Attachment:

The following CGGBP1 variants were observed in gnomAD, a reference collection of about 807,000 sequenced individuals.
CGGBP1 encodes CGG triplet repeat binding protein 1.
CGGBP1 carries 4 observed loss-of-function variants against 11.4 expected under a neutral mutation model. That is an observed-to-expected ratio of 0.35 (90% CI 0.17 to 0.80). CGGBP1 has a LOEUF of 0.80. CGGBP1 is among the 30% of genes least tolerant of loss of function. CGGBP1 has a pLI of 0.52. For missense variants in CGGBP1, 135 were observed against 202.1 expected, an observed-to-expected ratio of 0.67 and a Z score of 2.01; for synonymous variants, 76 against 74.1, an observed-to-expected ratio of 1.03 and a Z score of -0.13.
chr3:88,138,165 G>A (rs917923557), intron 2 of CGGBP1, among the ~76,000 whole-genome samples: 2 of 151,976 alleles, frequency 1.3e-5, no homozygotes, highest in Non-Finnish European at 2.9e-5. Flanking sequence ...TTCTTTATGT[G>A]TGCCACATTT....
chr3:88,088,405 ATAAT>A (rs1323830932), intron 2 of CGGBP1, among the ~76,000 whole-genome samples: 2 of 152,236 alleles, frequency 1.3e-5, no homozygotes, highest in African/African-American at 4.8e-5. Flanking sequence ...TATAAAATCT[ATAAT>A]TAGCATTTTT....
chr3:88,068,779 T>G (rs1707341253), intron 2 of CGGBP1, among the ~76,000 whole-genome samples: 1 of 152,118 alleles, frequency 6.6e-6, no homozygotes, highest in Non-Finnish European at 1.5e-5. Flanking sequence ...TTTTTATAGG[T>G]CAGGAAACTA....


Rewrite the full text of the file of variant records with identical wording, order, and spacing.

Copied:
The following CGGBP1 variants were observed in gnomAD, a reference collection of about 807,000 sequenced individuals.
CGGBP1 encodes CGG triplet repeat binding protein 1.
CGGBP1 carries 4 observed loss-of-function variants against 11.4 expected under a neutral mutation model. That is an observed-to-expected ratio of 0.35 (90% CI 0.17 to 0.80). CGGBP1 has a LOEUF of 0.80. CGGBP1 is among the 30% of genes least tolerant of loss of function. CGGBP1 has a pLI of 0.52. For missense variants in CGGBP1, 135 were observed against 202.1 expected, an observed-to-expected ratio of 0.67 and a Z score of 2.01; for synonymous variants, 76 against 74.1, an observed-to-expected ratio of 1.03 and a Z score of -0.13.
chr3:88,138,165 G>A (rs917923557), intron 2 of CGGBP1, among the ~76,000 whole-genome samples: 2 of 151,976 alleles, frequency 1.3e-5, no homozygotes, highest in Non-Finnish European at 2.9e-5. Flanking sequence ...TTCTTTATGT[G>A]TGCCACATTT....
chr3:88,088,405 ATAAT>A (rs1323830932), intron 2 of CGGBP1, among the ~76,000 whole-genome samples: 2 of 152,236 alleles, frequency 1.3e-5, no homozygotes, highest in African/African-American at 4.8e-5. Flanking sequence ...TATAAAATCT[ATAAT>A]TAGCATTTTT....
chr3:88,068,779 T>G (rs1707341253), intron 2 of CGGBP1, among the ~76,000 whole-genome samples: 1 of 152,118 alleles, frequency 6.6e-6, no homozygotes, highest in Non-Finnish European at 1.5e-5. Flanking sequence ...TTTTTATAGG[T>G]CAGGAAACTA....